Tuesday, January 30, 2018; 11:30 pm.
Mom fell and broke her tailbone and they sent her to the hospital. I dutifully followed.
Wednesday, January 31, 2018.
The next day, they discovered two more things:
1) that she had a stroke; and
2) that her blood pressure was doing flip flops depending on her position. When she stands, her blood pressure drops dramatically making her faint and then she falls.
Orthostatic hypotension — also called postural hypotension —
is a form of low blood pressure that happens when you stand
up from sitting or lying down. Orthostatic hypotension can make
you feel dizzy or lightheaded, and maybe even faint.
Thursday, February 1, 2018.
On Thursday, they discovered the third issue when she aspirated her food and drink while eating, so they ran a test on her and found out her epiglottis (that flap that closes over your windpipe when you swallow) doesn’t completely close, so thin liquids and chunky foods are slipping by and getting into her trachea.
Friday, February 2, 2018.
Mom was released from the hospital and sent back to the skilled nursing facility where she lives with an entire dossier of new instructions. We had to meet with the social worker to get all her paperwork filled out for her “bed hold,” Medicare, Medicaid, and whatever else.
Needless to say, between Tuesday night near midnight and Friday afternoon around 2:30 in the afternoon, I had gotten a TOTAL of around 5 hours of sleep and missed three days of work.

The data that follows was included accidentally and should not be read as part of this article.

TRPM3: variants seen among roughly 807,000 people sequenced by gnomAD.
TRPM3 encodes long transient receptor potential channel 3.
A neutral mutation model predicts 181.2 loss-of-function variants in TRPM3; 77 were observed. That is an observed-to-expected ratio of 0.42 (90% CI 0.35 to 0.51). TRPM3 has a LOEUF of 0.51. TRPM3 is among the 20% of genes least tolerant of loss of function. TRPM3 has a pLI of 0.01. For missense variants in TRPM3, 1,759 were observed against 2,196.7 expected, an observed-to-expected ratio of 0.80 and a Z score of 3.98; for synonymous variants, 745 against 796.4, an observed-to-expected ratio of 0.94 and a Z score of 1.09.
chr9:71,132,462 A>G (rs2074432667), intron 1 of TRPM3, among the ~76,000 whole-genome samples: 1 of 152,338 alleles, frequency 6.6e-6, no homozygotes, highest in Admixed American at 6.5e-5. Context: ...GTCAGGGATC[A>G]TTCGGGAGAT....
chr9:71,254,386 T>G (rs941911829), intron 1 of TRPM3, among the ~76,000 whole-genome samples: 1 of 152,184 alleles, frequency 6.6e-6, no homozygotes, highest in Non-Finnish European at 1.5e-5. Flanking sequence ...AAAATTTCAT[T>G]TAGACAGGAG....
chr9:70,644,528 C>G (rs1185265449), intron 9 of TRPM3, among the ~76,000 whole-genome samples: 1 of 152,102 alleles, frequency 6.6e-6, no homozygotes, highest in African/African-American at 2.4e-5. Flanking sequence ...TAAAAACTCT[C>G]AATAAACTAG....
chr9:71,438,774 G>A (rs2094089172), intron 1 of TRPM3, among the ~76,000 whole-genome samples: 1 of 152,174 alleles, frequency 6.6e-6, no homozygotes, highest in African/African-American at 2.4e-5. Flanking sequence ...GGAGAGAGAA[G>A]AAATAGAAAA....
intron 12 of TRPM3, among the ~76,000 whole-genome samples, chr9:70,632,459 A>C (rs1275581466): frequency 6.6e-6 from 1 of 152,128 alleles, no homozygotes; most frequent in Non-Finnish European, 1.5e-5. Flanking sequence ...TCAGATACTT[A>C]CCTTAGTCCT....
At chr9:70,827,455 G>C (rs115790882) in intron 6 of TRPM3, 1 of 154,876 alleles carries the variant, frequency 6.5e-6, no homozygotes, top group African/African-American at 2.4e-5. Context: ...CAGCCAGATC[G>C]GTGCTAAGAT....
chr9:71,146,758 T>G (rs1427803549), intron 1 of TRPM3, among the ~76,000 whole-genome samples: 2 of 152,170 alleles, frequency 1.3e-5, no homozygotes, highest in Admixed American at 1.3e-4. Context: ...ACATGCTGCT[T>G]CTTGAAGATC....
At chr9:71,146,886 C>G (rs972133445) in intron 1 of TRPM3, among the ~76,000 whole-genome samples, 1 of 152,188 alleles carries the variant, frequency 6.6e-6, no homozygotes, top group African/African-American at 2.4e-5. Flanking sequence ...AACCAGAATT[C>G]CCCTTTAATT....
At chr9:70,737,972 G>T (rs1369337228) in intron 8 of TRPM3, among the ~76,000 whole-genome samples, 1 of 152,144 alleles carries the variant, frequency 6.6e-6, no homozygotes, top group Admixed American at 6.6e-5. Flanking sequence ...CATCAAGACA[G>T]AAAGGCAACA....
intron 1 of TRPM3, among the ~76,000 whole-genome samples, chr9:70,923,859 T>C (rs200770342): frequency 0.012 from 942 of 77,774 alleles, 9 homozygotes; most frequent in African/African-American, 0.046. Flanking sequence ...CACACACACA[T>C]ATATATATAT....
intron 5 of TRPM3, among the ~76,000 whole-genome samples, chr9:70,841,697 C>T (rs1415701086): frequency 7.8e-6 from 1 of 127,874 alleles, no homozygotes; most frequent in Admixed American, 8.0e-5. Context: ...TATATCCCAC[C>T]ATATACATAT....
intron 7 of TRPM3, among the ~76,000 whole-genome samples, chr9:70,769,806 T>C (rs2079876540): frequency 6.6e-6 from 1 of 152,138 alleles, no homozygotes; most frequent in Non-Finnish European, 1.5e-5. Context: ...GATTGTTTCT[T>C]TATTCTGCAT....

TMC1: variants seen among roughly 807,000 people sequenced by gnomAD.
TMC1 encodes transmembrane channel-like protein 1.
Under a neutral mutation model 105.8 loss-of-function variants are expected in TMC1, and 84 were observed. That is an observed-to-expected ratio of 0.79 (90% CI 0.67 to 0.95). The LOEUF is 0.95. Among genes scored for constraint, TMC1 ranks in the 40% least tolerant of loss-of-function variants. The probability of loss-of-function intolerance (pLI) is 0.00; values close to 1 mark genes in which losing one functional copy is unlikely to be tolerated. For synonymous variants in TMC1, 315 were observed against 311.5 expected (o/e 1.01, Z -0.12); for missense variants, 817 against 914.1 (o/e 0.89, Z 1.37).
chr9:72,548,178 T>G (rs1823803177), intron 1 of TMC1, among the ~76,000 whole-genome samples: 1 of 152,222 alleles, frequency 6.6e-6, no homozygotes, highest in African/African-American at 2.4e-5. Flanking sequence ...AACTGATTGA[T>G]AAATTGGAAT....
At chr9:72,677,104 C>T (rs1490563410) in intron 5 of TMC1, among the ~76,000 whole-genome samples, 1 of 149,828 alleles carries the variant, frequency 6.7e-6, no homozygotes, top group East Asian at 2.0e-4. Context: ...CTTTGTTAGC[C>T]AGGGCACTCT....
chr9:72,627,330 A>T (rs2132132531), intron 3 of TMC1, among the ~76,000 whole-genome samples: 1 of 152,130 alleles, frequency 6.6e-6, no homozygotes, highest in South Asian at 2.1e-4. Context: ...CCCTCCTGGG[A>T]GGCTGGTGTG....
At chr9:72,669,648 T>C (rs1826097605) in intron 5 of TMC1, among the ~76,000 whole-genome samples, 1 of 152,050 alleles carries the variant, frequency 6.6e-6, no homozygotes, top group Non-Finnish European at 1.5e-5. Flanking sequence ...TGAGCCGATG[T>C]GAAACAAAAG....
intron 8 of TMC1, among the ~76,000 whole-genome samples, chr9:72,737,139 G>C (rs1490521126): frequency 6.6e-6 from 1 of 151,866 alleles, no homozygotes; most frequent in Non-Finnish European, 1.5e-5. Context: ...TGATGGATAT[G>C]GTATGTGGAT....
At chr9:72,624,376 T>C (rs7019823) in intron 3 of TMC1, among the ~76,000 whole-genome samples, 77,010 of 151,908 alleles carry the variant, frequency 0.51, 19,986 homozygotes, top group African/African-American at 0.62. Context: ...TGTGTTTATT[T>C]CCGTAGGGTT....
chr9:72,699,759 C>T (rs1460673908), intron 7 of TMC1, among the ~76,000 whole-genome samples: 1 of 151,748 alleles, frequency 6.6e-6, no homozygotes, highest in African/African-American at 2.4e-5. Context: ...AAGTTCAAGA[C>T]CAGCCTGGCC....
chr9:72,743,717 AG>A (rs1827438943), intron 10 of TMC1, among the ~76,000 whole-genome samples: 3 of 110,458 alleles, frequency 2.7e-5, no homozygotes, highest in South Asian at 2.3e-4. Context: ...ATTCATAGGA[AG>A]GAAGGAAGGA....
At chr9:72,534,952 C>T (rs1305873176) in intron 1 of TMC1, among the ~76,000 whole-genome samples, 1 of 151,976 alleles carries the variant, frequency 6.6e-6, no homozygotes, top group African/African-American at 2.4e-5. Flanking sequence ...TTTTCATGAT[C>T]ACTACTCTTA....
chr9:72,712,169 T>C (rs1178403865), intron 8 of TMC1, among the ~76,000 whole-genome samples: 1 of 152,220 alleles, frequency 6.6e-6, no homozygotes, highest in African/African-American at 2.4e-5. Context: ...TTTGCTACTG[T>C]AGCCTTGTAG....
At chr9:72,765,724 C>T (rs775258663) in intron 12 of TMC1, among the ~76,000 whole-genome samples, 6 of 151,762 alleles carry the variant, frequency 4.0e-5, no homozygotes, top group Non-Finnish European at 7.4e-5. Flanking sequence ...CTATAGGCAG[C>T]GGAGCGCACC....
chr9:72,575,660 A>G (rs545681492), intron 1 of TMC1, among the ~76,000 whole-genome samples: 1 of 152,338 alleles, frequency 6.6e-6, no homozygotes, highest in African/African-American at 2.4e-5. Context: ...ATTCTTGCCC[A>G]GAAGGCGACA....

Saturday was spent blissfully unaware in my bed with my two dogs and my cat – all day!
Yes, I have a queen-sized bed; and yes, they are all three crammed
up on my side laying on top of my legs. Filed under: SPOILED!
Sunday I visited Mom.
She was surprisingly in decent spirits, despite being reminded “EVERY 5 MINUTES,” that she needs to call for assistance when she needs to stand up – to which she replies without fail, “I’ve been going to the bathroom by myself for 90 years. I think I know what I’m doing,” and with complete disregard for the actual reason she needs assistance — that being she simply needs help to stand.
She is also now on a nectar-thick diet for liquids and needs to have her foods pureed. Oh, and if that wasn’t enough, she is having speech therapy (to help with her swallowing) 3 times per week, and physical therapy (to improve her leg strength) 5 times a week. The 95-year-old gets more exercise than I do now!
I’m so glad she’s still around! She’s my Mom!
File this under: I don’t want to get old!